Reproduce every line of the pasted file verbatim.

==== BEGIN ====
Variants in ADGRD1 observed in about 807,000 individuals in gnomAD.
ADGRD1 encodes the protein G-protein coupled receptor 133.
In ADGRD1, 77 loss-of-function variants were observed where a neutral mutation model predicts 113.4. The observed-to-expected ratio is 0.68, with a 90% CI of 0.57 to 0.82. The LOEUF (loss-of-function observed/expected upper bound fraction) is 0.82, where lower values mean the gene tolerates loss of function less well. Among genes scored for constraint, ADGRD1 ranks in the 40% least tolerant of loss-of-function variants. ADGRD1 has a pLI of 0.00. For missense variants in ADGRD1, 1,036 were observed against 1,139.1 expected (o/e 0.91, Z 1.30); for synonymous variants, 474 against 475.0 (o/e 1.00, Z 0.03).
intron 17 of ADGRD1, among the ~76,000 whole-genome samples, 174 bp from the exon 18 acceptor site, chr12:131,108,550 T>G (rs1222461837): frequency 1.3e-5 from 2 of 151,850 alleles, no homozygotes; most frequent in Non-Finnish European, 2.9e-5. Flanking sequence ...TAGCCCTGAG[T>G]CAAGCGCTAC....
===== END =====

Variants in ADGRD1 observed in about 807,000 individuals in gnomAD.
ADGRD1 encodes the protein G-protein coupled receptor 133.
In ADGRD1, 77 loss-of-function variants were observed where a neutral mutation model predicts 113.4. The observed-to-expected ratio is 0.68, with a 90% CI of 0.57 to 0.82. The LOEUF (loss-of-function observed/expected upper bound fraction) is 0.82, where lower values mean the gene tolerates loss of function less well. Among genes scored for constraint, ADGRD1 ranks in the 40% least tolerant of loss-of-function variants. ADGRD1 has a pLI of 0.00. For missense variants in ADGRD1, 1,036 were observed against 1,139.1 expected (o/e 0.91, Z 1.30); for synonymous variants, 474 against 475.0 (o/e 1.00, Z 0.03).
intron 17 of ADGRD1, among the ~76,000 whole-genome samples, 174 bp from the exon 18 acceptor site, chr12:131,108,550 T>G (rs1222461837): frequency 1.3e-5 from 2 of 151,850 alleles, no homozygotes; most frequent in Non-Finnish European, 2.9e-5. Flanking sequence ...TAGCCCTGAG[T>G]CAAGCGCTAC....